In rehabilitation involving movement of the hands, feet, or other locomotor organs, motor function improvement is promoted by establishing a connection between brain stimulation from a motor task and the corresponding sensation. In contrast, neurofeedback achieves stronger motor function training by displaying feedback of brain activity to patients as they imagine the intended movement (motor imagery) so that they can consciously control their brain activity by directly accessing functional networks in their brain.
Feedback to patients about changes in their brain activity is presented in a form that is intuitively easy to understand and holds their interest, such as using progress bars, intensity scales, or circular scales, which helps increase patient motivation for the motor function training.

Example of Providing Brain Activity Feedback to Patients

Neurorehabilitation Processes

  • Assessment Process

    Assessment Process

  • Training Process

    Training Process

  • Assessment Process

    Assessment Process

NIRS Neurorehabilitation Process Steps

NIRS neurorehabilitation consists of a motor function assessment process by a physician or other specialist and a motor function training process.

① Assessment
In the assessment process, a physician diagnoses the patient’s motor function before and after training to decide what the training should include, judge the effectiveness of the training, and decide whether or not to repeat the training process.

② Training
In the training process, motor function training is strengthened by presenting brain activity measured and analyzed by NIRS to the patient during motor imagery-based motor function training to encourage the patient to intentionally change their brain activity.


This technology is a result of a joint research and development project, “Research and Development of Advanced Medical Devices and Systems for Future Healthcare,” funded by the Japan Agency for Medical Research and Development (AMED) and conducted in collaboration with Keio University, Osaka University, Kawasaki Medical School, and Morinomiya Hospital (AMED project number: JP18he0402257).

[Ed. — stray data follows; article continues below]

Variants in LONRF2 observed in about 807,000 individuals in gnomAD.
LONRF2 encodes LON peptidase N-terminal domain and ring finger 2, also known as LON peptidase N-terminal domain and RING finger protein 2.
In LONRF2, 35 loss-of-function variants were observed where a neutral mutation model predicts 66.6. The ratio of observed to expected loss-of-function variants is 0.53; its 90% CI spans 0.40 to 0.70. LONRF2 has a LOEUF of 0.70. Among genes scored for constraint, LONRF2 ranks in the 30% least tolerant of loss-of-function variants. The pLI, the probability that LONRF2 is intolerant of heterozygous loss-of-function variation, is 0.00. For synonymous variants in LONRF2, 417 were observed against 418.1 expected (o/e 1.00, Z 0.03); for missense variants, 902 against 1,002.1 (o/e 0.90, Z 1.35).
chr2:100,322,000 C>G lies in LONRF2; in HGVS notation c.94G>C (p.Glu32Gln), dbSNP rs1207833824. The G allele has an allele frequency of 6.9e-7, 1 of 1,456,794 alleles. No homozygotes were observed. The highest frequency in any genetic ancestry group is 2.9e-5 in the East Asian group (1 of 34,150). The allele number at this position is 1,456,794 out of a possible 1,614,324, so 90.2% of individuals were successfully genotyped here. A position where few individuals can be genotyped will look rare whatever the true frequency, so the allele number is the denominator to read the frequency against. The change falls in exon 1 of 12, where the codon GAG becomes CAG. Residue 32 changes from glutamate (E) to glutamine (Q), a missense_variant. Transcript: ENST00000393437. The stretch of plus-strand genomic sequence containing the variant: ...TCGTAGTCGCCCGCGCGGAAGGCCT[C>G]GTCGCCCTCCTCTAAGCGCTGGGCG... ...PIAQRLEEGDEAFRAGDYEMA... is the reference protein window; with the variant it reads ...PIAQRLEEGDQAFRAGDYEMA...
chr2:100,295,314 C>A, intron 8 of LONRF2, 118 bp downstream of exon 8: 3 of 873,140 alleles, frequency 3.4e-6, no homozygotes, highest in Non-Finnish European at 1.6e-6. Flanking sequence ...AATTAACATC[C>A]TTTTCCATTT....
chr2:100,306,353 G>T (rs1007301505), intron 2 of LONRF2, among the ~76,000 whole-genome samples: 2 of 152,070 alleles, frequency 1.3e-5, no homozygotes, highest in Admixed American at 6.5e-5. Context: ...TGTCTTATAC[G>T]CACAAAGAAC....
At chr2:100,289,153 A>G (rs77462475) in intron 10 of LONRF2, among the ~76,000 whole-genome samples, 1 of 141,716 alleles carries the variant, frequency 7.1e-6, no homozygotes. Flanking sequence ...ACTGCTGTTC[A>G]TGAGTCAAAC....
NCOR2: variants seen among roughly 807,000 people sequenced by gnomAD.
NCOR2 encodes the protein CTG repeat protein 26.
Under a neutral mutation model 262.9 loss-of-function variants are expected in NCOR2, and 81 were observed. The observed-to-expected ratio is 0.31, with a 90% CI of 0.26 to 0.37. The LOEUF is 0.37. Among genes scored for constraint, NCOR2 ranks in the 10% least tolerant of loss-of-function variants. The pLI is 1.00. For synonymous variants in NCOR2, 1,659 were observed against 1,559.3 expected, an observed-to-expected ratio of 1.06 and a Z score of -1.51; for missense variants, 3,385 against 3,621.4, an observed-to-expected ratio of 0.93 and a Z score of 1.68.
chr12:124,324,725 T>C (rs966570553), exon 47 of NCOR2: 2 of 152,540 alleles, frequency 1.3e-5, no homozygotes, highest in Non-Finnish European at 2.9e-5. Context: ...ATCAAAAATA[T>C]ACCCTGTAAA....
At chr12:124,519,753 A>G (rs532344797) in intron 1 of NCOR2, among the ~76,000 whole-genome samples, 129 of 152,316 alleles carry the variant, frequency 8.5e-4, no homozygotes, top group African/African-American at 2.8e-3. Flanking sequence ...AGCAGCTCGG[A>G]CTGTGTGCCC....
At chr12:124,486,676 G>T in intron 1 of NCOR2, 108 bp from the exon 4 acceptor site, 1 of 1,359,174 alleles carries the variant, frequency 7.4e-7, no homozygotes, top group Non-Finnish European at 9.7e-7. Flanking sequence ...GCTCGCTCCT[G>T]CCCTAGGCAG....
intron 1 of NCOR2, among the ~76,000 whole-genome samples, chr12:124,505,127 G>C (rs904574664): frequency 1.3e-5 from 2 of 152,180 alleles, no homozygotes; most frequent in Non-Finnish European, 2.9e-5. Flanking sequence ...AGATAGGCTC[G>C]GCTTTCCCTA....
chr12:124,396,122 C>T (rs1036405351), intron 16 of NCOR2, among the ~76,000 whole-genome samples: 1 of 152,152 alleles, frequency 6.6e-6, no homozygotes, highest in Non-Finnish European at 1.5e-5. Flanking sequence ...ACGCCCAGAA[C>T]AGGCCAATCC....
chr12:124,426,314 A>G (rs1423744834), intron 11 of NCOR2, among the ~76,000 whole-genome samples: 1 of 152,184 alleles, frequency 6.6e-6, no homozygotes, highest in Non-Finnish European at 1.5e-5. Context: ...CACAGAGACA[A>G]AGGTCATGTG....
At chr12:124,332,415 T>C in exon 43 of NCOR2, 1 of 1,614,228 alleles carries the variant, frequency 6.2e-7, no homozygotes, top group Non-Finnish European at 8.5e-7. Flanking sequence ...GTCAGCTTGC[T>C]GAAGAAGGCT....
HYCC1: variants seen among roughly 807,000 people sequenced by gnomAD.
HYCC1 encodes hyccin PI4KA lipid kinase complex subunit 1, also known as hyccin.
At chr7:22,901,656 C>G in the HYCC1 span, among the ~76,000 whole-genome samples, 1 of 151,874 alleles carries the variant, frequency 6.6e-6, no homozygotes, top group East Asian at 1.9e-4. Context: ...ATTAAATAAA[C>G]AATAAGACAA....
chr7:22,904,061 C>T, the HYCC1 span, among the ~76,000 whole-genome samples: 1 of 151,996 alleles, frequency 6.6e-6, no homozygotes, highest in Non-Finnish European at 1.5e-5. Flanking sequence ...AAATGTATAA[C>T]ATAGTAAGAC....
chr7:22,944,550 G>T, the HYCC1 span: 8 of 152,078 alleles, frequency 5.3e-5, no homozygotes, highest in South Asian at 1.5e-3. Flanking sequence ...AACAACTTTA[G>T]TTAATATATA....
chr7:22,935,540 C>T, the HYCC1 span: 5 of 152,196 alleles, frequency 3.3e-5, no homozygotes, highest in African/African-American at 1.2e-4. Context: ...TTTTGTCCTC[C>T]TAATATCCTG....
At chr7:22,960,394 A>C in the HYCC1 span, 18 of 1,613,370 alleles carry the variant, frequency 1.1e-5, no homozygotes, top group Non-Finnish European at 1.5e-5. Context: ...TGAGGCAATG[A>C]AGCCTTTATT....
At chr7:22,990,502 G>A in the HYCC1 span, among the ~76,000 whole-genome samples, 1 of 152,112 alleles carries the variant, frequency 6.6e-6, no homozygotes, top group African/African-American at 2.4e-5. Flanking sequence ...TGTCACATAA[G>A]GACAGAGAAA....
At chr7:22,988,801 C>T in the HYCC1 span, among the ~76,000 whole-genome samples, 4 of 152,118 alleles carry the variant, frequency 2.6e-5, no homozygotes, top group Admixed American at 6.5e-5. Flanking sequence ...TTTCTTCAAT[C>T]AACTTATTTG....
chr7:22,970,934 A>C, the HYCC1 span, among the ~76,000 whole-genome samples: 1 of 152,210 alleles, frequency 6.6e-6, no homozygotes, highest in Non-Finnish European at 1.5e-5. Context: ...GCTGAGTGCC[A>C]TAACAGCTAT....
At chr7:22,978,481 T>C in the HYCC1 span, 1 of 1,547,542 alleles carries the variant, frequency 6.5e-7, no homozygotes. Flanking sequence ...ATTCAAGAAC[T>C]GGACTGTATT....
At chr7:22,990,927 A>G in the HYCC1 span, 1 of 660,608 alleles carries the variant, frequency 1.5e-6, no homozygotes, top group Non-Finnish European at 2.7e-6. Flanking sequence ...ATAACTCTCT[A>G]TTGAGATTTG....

The system will next advance to the physician-led clinical trial* stage, under the direction of Professor Masahito Mihara at the Kawasaki Medical School, with the aim of putting it into actual use in healthcare facilities.

* This system is currently undergoing clinical trials in Japan and cannot be offered outside Japan.

Relevant Patents
Shimadzu holds the following patents related to neurorehabilitation.
1. Pat. No. 6477280
2. Pat. No. 6502488
3. Pat. No. 6489018

Related Academic Papers
The following papers describe NIRS neurorehabilitation technologies.
1) M.Mihara, I.Miyai, N.Hattori, et al, “Neurofeedback Using Real-Time Near-Infrared Spectroscopy Enhances Motor Imagery Related Cortical Activation.”, PLoS ONE 7(3): e32234 (2012)
2) M.Mihara, N.Hattori, M.Hatakenaka, et al, “Near-infrared Spectroscopy-mediated Neurofeedback Enhances Efficacy of Motor Imagery -based Training in Poststroke Victims : A Pilot Study”, Stroke, 44(4):1091-8 (2013)
3) M.Mihara, H.Fujimoto, N.Hattori, et al, ” Effect of Neurofeedback Facilitation on Poststroke Gait and Balance Recovery”, Neurology 25;96(21):e2587-e2598 (2021)

Related Products

The following products are relevant for neurorehabilitation.

Near-Infrared Imaging System
Near-Infrared Imaging System